The effect was eerie. She took a step back instinctively. The setting discomforted her. She had her doubts about her boss in the first place. There were red flags all around that she had discounted. He was in a line of descendents of counts who were mysterious outcasts, and he had inherited those traits. He would disappear by late afternoon and would appear tired and groggy the next morning. But the pay was good and she needed the job, so she ignored the signs. Today however was unusual. He had called her to his private art gallery in the night to give him keys to his office. He said he had lost them. It seemed like a big mistake now. And then, the person next to her boss turned. The last thing she remembered were bloodshot eyes and a pair of fangs and the rest of the people in the room gathering around her. And then, sweet haunting pain.
P.S> The toughest part of creative writing is the creativity. To be precise, how many ways can you avoid retelling a tale? I started off writing this piece and had about 15 different plots in mind, all of which were clichéd. So I kept writing it till each turn would be unexpected. You could start to think of the story being one of two men at odds, or art thieves, or love, or a lot of other things. Those did cross my mind. One plot was to have the two as father and son and the woman in question being the mother who thinks the son is dead and gets a surprise. You see the point. There are a million twists in the tale. The tough part is to write a tale for each twist that is worth reading. The end goal was to have something unexpected at each turn. Let me know if you enjoyed it.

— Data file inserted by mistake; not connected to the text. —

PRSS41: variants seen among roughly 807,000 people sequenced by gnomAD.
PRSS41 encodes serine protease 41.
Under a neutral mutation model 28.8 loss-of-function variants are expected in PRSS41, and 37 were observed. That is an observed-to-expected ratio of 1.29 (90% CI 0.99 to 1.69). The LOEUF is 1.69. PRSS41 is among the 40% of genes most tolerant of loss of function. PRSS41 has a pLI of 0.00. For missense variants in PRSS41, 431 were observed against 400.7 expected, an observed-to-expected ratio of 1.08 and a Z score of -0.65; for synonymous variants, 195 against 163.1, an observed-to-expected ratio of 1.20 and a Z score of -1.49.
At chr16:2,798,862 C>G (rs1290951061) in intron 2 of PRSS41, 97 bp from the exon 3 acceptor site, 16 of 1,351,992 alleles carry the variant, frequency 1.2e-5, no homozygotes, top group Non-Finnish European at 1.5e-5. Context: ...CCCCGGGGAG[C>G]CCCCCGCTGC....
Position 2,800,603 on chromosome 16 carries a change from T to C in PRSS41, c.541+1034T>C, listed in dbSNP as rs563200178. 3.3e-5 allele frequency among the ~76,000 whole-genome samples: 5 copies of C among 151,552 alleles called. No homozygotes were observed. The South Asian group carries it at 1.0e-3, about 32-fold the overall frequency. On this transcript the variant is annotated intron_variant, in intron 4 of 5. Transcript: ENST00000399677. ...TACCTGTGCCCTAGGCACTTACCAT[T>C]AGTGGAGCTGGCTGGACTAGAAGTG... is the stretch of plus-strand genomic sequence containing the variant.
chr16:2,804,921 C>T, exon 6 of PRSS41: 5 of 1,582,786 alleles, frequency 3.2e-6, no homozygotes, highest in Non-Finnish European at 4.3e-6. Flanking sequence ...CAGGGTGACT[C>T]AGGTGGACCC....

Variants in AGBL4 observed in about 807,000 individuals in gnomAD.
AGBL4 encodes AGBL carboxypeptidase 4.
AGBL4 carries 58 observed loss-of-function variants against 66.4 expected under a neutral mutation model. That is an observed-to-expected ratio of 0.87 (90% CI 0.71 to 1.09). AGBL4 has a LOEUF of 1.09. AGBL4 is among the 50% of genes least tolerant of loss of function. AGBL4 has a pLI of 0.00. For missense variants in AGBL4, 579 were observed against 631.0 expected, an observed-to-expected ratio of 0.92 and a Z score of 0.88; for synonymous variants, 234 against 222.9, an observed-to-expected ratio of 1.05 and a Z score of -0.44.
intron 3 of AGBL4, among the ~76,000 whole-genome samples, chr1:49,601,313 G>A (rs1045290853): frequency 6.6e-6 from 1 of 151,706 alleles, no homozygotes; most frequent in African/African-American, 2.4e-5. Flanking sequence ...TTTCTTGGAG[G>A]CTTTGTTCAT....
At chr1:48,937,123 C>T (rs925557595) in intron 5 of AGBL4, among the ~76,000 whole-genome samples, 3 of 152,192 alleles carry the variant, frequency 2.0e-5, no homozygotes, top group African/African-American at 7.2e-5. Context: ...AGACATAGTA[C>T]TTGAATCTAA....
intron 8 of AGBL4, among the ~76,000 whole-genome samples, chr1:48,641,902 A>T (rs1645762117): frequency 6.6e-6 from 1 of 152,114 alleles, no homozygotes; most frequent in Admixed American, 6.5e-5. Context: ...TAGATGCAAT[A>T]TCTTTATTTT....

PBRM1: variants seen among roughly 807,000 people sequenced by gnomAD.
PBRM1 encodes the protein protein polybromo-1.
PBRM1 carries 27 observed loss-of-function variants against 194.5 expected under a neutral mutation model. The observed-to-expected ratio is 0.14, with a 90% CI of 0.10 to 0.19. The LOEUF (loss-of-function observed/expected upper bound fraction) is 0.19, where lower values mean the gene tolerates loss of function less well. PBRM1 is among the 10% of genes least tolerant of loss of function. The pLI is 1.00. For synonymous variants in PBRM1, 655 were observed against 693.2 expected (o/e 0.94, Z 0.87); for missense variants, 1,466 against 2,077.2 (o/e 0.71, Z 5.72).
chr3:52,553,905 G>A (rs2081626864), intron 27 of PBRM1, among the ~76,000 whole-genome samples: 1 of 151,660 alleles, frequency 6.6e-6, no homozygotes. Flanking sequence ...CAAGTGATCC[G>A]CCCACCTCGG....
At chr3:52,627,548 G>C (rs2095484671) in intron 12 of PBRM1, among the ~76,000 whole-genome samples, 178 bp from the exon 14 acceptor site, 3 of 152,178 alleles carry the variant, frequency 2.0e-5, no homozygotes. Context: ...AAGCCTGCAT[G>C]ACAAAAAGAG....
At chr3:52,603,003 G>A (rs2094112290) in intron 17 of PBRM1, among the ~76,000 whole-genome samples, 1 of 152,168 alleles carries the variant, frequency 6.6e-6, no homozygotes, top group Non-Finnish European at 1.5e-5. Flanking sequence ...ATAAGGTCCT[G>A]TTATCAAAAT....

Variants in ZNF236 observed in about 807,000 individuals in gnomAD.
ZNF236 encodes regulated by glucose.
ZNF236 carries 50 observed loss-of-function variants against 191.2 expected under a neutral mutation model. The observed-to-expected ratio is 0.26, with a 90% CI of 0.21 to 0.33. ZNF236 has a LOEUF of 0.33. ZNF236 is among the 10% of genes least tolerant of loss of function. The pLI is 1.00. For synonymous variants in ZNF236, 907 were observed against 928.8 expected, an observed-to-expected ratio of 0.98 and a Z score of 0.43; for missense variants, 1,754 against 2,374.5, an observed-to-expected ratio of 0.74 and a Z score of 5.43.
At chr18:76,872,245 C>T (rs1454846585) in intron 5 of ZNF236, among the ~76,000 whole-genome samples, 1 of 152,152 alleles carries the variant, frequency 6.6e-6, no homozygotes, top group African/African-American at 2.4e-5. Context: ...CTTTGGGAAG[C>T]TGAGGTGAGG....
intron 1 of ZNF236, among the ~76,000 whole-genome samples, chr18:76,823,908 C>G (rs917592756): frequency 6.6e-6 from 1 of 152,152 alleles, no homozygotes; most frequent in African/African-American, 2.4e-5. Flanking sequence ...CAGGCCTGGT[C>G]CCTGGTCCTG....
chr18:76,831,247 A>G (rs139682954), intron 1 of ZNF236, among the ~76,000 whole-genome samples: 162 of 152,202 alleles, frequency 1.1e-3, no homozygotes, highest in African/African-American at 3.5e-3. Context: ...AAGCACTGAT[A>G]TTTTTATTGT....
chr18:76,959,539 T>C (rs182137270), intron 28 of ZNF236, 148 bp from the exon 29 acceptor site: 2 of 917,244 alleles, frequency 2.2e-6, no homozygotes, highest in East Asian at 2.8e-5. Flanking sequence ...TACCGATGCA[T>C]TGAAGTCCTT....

Friday, October 28, 2005
It was a windy evening in windy Chicago. Firmly ensconced in his sofa, Kkrish sipped his Diet Coke watching a rerun of the 70’s show. He had the two most critical aspects of his existence close to his hands. The TV remote and a bag of chips. Munching between bursts of laughter, he seemed to be at peace with the fact that he had access to his TV when all of his room-mates had not yet come home. Suckers, he thought. Slogging away at their Food Services jobs and assignments and research assistantships. Three months into the US, he had failed to get any funding or job of any sort. He wasn’t too bothered. It will all fall in place one day, he thought, cracking up at another “burn” by Ashton Kutcher.